Topological Abstraction and Planning for the Pursuit-Evasion Problem
ABSTRACT: In this talk, we will present some initial work on planning using topological abstraction. We will consider a multi-pursuer multi-evader problem as a case study to ground the discussion. We will describe how we can cast the abstraction problem as a topological problem and by leveraging sheaf theoretic methods develop a framework to search for strategies that lead to evade capture. We will show how the sheaf can be leveraged to encode the belief state of the problem and how the capture event can be formalized through topological property of the sheaf. We will assume pursuers with limited detection range and an unknown number of evaders with arbitrary motion capabilities.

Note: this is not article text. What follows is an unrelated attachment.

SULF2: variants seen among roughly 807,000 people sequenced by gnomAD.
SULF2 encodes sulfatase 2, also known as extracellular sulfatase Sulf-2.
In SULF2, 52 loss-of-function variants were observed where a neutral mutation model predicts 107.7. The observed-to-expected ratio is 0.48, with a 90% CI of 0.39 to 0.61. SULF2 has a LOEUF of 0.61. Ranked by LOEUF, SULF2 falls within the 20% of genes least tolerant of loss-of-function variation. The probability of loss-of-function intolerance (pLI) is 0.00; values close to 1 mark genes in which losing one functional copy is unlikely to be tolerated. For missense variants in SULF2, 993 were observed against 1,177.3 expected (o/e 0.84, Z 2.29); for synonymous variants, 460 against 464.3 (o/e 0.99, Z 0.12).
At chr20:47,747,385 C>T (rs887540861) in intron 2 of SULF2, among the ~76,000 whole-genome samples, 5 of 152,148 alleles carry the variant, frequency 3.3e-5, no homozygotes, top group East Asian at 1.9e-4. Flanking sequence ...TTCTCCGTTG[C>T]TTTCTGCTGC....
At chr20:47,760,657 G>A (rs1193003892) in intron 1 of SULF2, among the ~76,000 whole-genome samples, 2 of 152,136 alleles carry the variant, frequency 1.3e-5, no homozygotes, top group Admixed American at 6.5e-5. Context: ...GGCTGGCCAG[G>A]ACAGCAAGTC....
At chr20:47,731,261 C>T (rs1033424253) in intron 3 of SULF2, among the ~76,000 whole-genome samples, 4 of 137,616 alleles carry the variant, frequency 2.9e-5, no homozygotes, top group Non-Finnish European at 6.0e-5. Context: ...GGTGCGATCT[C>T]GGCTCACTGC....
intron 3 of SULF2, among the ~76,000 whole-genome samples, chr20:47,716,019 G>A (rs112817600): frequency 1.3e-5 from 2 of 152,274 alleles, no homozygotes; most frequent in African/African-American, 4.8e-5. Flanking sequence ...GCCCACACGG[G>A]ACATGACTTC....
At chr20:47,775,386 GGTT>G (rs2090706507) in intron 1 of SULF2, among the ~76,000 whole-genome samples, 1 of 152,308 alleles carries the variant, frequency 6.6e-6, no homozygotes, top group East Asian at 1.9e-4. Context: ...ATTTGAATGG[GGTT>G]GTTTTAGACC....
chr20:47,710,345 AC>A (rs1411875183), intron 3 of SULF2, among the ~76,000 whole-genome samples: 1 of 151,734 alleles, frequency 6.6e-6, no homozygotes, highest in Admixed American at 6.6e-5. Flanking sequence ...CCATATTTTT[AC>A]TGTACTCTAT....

BIO: Alberto Speranzon received the ‘‘Laurea’’ degree in computer engineering from University of Padova, Italy in 2000, and a Ph.D. in automatic control from the School of Electrical Engineering, Royal Institute of Technology, Stockholm, Sweden in 2006. In September 2015 he joined Honeywell Labs in Minneapolis, MN, USA where he is a research scientist. At Honeywell, Alberto is working on autonomous systems, leading such research area as program manager and principal investigator, and involved in a NASA sponsored project aimed at developing novel methodologies for systems of systems design and analysis. Before joining Honeywell, he was a research scientist at United Technologies Research Center (UTRC), in East Harford, CT, USA where, since 2008, he covered various roles of increasing responsibility. At UTRC, Alberto served as project manager and principal investigator of various DARPA sponsored projects on novel methods for navigation in GPS degraded/denied and new mathematics for swarm autonomy where methods cutting across robust adaptive filtering, artificial intelligence, graph theory and algebraic topology were combined. His research interests are mainly in the area of autonomy and cyber–physical systems, and in particular on distributed control, estimation and optimization, planning in complex environments and abstraction methods for swarm intelligence. Alberto received the Outstanding achievement Award in 2009 from United Technologies Research Center, highest award given by UTRC. Before joining UTRC, between October 2006 and September 2008, he was a Marie Curie Research Fellow at Unilever R&D, Port Sunlight, UK, working on biomimetic robotics applications for personal care. During 2006–2008 he was a regular visitor at University of California at Berkeley, USA working on decentralized estimation over sensor networks. He is an associate editor of the IEEE Transactions on Control Systems Technology and part of the Technical Program committee of various conferences in the area of networked control systems, robotics and cyber–physical systems.